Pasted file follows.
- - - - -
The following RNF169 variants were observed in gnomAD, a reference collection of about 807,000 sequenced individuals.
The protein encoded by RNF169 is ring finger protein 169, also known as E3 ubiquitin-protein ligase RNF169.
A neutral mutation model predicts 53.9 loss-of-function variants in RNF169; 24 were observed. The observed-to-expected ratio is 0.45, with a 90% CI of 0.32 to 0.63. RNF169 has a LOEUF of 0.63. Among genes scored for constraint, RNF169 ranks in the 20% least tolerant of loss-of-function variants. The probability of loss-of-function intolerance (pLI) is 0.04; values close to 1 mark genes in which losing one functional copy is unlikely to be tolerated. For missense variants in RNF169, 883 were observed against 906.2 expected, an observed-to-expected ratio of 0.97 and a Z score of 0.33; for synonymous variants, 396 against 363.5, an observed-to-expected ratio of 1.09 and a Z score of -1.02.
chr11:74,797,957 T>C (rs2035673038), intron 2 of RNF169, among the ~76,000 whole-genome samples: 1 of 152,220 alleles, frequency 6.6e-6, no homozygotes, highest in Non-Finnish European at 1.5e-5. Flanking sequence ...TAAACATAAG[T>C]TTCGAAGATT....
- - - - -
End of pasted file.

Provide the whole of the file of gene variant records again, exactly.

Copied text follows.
The following RNF169 variants were observed in gnomAD, a reference collection of about 807,000 sequenced individuals.
The protein encoded by RNF169 is ring finger protein 169, also known as E3 ubiquitin-protein ligase RNF169.
A neutral mutation model predicts 53.9 loss-of-function variants in RNF169; 24 were observed. The observed-to-expected ratio is 0.45, with a 90% CI of 0.32 to 0.63. RNF169 has a LOEUF of 0.63. Among genes scored for constraint, RNF169 ranks in the 20% least tolerant of loss-of-function variants. The probability of loss-of-function intolerance (pLI) is 0.04; values close to 1 mark genes in which losing one functional copy is unlikely to be tolerated. For missense variants in RNF169, 883 were observed against 906.2 expected, an observed-to-expected ratio of 0.97 and a Z score of 0.33; for synonymous variants, 396 against 363.5, an observed-to-expected ratio of 1.09 and a Z score of -1.02.
chr11:74,797,957 T>C (rs2035673038), intron 2 of RNF169, among the ~76,000 whole-genome samples: 1 of 152,220 alleles, frequency 6.6e-6, no homozygotes, highest in Non-Finnish European at 1.5e-5. Flanking sequence ...TAAACATAAG[T>C]TTCGAAGATT....